The University of Colorado may end its journalism program, reported the Daily Camera, a Boulder newspaper. “Top Boulder campus leaders are recommending that CU take unprecedented steps to shut down the traditional journalism school, a move that still requires approval from President Bruce Benson and the Board of Regents.”
But, will closing the journalism school lead to a decreased standard of journalism? At a recent public hearing, the university’s board of regents heard concerns about the potentially closed school’s impact on the state of journalism.
For example, a graduate of the school, John McLaughlin, expressed concern that the potential closure would decrease journalism quality. McLaughlin, a former employee of the Denver Post and the Rocky Mountain News, commented: “We fear that the changes contemplated in CU journalism teaching will only accelerate the overall decline of journalistic quality in this nation.”
Likewise, University of Colorado professor Len Ackland questioned the move. “We now live in an often fact-free digital world. Good journalism is crucial. Must the journalism school be destroyed in order to save journalism?”
The proposal would make it so that, beginning with the fall semester in 2012, students can’t get a bachelor’s degree just in journalism. Alternatively, students would be able to double-major in journalism or get a minor or certificate in journalism — just no journalism-only degrees.
The university’s president, Bruce Benson, “has until April 14 to make a recommendation about the future of the journalism school, according to system spokesman Ken McConnellogue. If he recommends closure, it will move to the Board of Regents.”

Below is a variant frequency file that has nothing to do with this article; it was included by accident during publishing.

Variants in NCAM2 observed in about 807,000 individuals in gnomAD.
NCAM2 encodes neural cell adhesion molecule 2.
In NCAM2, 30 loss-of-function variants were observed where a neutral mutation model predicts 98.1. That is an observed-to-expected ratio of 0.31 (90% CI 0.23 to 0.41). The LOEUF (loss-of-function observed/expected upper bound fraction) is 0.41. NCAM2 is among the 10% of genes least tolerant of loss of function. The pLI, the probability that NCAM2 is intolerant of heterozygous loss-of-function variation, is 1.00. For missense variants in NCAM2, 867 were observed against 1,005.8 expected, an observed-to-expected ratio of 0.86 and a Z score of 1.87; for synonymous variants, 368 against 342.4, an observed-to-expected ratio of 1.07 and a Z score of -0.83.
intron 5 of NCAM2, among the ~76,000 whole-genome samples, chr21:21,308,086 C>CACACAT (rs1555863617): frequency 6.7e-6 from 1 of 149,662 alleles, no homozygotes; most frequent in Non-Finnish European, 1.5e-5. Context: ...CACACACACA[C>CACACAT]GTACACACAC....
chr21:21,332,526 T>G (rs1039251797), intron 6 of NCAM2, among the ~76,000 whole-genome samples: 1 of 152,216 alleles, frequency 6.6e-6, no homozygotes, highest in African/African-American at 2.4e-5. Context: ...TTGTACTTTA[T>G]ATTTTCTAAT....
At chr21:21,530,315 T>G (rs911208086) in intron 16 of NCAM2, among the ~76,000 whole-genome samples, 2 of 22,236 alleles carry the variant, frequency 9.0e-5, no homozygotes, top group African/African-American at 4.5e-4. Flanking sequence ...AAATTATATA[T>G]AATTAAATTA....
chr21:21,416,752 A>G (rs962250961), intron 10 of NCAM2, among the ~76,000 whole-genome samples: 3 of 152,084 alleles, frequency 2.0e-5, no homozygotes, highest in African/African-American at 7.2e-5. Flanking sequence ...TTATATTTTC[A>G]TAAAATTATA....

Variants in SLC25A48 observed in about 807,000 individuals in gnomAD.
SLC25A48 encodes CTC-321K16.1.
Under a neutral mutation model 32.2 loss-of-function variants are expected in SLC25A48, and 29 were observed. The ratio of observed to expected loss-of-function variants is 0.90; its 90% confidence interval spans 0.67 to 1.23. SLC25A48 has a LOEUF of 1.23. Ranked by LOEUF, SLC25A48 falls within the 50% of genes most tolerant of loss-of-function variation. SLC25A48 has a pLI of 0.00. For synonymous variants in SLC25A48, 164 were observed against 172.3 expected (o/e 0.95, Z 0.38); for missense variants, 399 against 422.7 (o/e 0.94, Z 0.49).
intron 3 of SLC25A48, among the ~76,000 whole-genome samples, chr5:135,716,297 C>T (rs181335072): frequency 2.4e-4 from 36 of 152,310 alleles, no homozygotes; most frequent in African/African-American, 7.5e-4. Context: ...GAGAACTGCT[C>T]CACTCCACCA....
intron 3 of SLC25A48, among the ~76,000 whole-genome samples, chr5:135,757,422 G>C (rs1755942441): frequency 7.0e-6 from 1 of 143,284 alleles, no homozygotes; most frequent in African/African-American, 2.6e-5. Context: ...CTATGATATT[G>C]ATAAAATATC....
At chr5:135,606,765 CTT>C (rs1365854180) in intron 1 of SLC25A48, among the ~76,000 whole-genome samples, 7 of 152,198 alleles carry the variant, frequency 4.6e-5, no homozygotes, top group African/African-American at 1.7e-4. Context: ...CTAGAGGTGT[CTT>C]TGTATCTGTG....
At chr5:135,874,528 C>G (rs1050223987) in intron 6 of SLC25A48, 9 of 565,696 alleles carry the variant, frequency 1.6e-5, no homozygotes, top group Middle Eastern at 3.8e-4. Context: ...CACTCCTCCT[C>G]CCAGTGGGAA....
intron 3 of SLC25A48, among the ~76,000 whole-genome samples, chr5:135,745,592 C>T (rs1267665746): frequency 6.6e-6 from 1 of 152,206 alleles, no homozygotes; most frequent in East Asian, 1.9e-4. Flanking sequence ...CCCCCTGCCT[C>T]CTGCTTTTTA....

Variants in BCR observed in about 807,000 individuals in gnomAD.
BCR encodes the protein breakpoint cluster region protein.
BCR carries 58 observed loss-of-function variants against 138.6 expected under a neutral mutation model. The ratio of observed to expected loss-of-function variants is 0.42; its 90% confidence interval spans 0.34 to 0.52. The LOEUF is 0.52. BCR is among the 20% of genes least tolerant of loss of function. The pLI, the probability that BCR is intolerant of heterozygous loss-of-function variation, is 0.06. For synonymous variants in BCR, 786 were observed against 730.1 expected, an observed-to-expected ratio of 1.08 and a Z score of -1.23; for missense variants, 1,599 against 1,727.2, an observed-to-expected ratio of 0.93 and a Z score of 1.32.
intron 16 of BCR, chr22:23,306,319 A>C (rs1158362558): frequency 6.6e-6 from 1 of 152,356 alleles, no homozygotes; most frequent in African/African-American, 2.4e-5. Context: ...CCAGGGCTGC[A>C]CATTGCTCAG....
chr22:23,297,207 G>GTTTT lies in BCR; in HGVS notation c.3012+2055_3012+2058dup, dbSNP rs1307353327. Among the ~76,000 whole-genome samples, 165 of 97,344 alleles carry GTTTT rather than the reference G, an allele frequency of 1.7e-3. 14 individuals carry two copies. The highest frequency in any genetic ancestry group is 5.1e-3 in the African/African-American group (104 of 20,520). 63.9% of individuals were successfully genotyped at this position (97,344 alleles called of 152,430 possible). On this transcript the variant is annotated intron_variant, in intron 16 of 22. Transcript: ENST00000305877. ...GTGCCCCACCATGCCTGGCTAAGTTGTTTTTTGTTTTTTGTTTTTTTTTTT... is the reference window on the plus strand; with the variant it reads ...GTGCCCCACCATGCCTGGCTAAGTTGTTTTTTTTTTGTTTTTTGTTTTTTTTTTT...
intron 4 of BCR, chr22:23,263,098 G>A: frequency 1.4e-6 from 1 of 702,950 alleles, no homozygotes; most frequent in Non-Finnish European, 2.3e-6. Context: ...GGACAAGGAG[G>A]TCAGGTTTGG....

The journalism school’s advisory board, however, called for the school to shut down “without delay.”
An advisory board representative, Linda Shoemaker, reportedly explained: “As difficult as it is for us to close our beloved alma mater, we believe it is the best thing you can do to support high-quality journalism education in the long term at CU-Boulder.”
A “faculty committee” suggested the university instead “create a school or college of information, communication and media technology as well as an Institute for the Global Digital Future.” Shoemaker is quoted as saying:
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“We believe that in a few years the Boulder campus will be home to two new world-class education and research entities where our graduate and, most importantly, undergraduate journalism students will get a great education. In this leap forward, from good to great, closing the existing school is the first step.”
The Colorado Society of Professional Journalists has weighed in on the debate and “recommended that CU continue to teach the basic tenets of reporting and storytelling, and make sure students have a thorough grounding in objectivity, fairness, ethics and media law.”
“The need has never been greater for a vibrant and vigilant press. As journalism programs add more courses in technology and delivery methods, it’s critical that they continue to emphasize reporting skills and ethical standards.”
The Camera reported Feb 15 when the chancellor, Phil DiStefano, recommended the sole journalism bachelor’s degree be ended in favor of making it “a secondary pursuit through a double-major or minor.”
According to Colorado Daily, “Current journalism students will be able to complete their degrees. Pre-journalism majors and incoming freshmen will still be able to earn degrees, but must give CU flexibility in determining their curriculum.”
“But the immediate uncertainty surrounding journalism education at CU is causing some high-schoolers — and even ‘pre-journalism’ majors who have not yet been admitted to the school — to re-think CU,” according to Colorado Daily.
iMediaEthics has written to SPJ Colorado’s Dennis Huspeni for comment and will update with any response.